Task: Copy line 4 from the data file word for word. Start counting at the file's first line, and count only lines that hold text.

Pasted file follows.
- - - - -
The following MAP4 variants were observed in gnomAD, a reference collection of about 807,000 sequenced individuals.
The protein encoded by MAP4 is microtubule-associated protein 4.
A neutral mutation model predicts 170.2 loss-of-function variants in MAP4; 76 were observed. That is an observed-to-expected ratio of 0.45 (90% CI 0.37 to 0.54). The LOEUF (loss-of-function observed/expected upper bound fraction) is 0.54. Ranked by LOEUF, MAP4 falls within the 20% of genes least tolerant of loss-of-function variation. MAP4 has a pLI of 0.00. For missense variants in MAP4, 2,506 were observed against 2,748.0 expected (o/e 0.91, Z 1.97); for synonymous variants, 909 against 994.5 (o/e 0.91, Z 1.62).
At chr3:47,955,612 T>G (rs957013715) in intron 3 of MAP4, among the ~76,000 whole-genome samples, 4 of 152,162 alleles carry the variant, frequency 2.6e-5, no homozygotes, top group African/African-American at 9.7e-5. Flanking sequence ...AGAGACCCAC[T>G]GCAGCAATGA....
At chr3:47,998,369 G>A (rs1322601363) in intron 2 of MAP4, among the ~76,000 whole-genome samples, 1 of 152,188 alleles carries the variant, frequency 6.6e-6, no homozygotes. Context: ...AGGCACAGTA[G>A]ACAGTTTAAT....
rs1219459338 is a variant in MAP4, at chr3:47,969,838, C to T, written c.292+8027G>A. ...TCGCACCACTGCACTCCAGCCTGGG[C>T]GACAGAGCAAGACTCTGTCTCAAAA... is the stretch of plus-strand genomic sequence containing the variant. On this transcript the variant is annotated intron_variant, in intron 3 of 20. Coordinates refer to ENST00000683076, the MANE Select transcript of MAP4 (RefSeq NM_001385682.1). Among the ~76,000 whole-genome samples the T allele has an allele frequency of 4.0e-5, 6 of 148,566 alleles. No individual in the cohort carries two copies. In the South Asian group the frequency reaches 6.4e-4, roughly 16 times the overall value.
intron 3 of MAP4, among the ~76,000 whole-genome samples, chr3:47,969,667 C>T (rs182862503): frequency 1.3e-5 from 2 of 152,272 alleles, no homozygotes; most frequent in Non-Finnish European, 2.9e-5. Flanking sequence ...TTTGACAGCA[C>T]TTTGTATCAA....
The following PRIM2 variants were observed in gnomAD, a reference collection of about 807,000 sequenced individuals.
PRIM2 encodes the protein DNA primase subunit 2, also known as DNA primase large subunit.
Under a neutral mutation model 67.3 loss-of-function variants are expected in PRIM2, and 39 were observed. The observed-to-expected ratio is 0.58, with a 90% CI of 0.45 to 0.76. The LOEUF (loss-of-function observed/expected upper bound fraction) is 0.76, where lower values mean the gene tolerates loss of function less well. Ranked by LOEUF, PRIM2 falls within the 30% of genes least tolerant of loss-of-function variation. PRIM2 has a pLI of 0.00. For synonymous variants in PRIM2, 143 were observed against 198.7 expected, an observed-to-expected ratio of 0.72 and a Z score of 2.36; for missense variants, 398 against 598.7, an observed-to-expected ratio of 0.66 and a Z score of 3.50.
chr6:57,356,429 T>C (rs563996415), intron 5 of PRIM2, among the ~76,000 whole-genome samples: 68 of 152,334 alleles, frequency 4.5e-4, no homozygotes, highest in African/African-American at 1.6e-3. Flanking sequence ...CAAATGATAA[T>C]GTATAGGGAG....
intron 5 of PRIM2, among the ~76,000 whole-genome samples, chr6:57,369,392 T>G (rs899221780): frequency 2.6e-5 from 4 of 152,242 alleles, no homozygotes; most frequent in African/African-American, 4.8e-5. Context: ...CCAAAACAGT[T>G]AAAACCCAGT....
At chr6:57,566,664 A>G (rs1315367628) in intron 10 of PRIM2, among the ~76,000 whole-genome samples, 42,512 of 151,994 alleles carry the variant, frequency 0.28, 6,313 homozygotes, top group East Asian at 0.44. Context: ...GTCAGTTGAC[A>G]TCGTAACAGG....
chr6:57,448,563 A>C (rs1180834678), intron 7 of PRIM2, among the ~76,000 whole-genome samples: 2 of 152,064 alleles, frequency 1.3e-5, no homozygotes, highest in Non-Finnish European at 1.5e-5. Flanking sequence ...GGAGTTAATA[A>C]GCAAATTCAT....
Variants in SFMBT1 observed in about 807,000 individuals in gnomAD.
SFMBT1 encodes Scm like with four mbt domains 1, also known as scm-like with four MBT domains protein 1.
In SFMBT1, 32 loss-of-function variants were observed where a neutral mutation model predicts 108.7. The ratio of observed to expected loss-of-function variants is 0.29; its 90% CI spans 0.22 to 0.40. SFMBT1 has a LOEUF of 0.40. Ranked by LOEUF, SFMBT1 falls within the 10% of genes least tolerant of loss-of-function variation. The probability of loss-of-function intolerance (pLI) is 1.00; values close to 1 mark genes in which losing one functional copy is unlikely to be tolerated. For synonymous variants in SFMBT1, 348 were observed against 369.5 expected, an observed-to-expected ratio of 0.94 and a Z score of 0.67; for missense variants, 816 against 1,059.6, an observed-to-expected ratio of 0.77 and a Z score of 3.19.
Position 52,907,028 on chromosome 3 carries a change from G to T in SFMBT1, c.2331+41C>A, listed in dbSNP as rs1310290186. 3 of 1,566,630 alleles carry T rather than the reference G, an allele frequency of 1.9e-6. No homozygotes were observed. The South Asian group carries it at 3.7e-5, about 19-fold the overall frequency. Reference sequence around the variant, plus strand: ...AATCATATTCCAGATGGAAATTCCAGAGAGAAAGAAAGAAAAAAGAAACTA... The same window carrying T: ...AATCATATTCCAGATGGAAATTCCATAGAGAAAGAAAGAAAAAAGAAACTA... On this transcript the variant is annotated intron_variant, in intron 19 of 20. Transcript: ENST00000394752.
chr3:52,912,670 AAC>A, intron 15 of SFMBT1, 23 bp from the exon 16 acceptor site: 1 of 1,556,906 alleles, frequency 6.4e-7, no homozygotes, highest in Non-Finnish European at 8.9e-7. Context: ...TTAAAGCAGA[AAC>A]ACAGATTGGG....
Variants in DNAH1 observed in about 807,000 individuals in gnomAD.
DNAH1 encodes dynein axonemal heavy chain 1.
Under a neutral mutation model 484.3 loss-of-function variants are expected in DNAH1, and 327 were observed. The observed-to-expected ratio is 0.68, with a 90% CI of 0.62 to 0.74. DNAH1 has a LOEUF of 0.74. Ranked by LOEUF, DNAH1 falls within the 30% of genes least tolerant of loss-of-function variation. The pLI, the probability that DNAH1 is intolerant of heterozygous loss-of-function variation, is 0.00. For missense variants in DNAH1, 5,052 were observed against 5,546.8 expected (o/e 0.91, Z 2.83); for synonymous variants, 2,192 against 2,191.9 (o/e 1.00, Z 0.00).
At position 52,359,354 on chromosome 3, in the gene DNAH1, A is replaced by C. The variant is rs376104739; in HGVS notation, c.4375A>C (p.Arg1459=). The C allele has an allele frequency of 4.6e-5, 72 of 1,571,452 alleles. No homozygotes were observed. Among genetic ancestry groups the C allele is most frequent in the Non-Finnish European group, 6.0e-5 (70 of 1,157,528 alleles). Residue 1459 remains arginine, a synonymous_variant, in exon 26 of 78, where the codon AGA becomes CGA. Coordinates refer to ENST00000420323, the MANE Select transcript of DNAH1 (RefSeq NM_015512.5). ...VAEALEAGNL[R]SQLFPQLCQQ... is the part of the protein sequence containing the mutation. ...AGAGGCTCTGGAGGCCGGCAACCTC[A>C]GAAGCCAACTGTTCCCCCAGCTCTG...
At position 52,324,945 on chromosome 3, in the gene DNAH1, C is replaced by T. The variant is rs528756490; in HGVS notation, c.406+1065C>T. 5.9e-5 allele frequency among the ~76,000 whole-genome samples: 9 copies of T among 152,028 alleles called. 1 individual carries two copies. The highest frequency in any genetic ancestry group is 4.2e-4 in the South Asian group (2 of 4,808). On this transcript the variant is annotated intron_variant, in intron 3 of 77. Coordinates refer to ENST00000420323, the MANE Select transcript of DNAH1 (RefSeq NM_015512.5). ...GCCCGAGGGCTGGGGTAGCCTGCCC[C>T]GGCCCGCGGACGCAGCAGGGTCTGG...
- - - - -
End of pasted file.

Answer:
At chr3:47,955,612 T>G (rs957013715) in intron 3 of MAP4, among the ~76,000 whole-genome samples, 4 of 152,162 alleles carry the variant, frequency 2.6e-5, no homozygotes, top group African/African-American at 9.7e-5. Flanking sequence ...AGAGACCCAC[T>G]GCAGCAATGA....